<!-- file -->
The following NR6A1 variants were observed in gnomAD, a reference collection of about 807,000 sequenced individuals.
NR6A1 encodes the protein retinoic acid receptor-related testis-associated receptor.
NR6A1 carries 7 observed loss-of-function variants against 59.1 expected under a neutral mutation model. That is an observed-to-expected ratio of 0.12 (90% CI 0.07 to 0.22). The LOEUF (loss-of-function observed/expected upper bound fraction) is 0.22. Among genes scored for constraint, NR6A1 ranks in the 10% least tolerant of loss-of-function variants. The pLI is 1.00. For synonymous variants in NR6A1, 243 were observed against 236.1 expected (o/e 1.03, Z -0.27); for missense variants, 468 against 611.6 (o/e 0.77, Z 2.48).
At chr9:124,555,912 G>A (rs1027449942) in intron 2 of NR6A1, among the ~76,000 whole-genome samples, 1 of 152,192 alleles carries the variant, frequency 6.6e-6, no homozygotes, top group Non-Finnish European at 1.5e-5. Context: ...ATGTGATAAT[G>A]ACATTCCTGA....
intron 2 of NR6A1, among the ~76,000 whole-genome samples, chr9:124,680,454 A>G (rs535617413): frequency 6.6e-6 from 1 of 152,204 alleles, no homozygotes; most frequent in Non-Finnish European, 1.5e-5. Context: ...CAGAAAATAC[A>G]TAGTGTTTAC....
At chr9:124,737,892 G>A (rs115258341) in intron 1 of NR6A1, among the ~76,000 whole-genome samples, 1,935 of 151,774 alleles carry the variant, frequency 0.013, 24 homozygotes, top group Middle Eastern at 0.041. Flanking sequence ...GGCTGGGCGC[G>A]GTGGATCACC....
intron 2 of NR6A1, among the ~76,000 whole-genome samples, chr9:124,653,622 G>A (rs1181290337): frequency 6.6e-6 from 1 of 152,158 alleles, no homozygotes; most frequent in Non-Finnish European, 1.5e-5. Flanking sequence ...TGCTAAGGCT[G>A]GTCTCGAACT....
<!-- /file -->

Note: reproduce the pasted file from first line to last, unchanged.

The following NR6A1 variants were observed in gnomAD, a reference collection of about 807,000 sequenced individuals.
NR6A1 encodes the protein retinoic acid receptor-related testis-associated receptor.
NR6A1 carries 7 observed loss-of-function variants against 59.1 expected under a neutral mutation model. That is an observed-to-expected ratio of 0.12 (90% CI 0.07 to 0.22). The LOEUF (loss-of-function observed/expected upper bound fraction) is 0.22. Among genes scored for constraint, NR6A1 ranks in the 10% least tolerant of loss-of-function variants. The pLI is 1.00. For synonymous variants in NR6A1, 243 were observed against 236.1 expected (o/e 1.03, Z -0.27); for missense variants, 468 against 611.6 (o/e 0.77, Z 2.48).
At chr9:124,555,912 G>A (rs1027449942) in intron 2 of NR6A1, among the ~76,000 whole-genome samples, 1 of 152,192 alleles carries the variant, frequency 6.6e-6, no homozygotes, top group Non-Finnish European at 1.5e-5. Context: ...ATGTGATAAT[G>A]ACATTCCTGA....
intron 2 of NR6A1, among the ~76,000 whole-genome samples, chr9:124,680,454 A>G (rs535617413): frequency 6.6e-6 from 1 of 152,204 alleles, no homozygotes; most frequent in Non-Finnish European, 1.5e-5. Context: ...CAGAAAATAC[A>G]TAGTGTTTAC....
At chr9:124,737,892 G>A (rs115258341) in intron 1 of NR6A1, among the ~76,000 whole-genome samples, 1,935 of 151,774 alleles carry the variant, frequency 0.013, 24 homozygotes, top group Middle Eastern at 0.041. Flanking sequence ...GGCTGGGCGC[G>A]GTGGATCACC....
intron 2 of NR6A1, among the ~76,000 whole-genome samples, chr9:124,653,622 G>A (rs1181290337): frequency 6.6e-6 from 1 of 152,158 alleles, no homozygotes; most frequent in Non-Finnish European, 1.5e-5. Flanking sequence ...TGCTAAGGCT[G>A]GTCTCGAACT....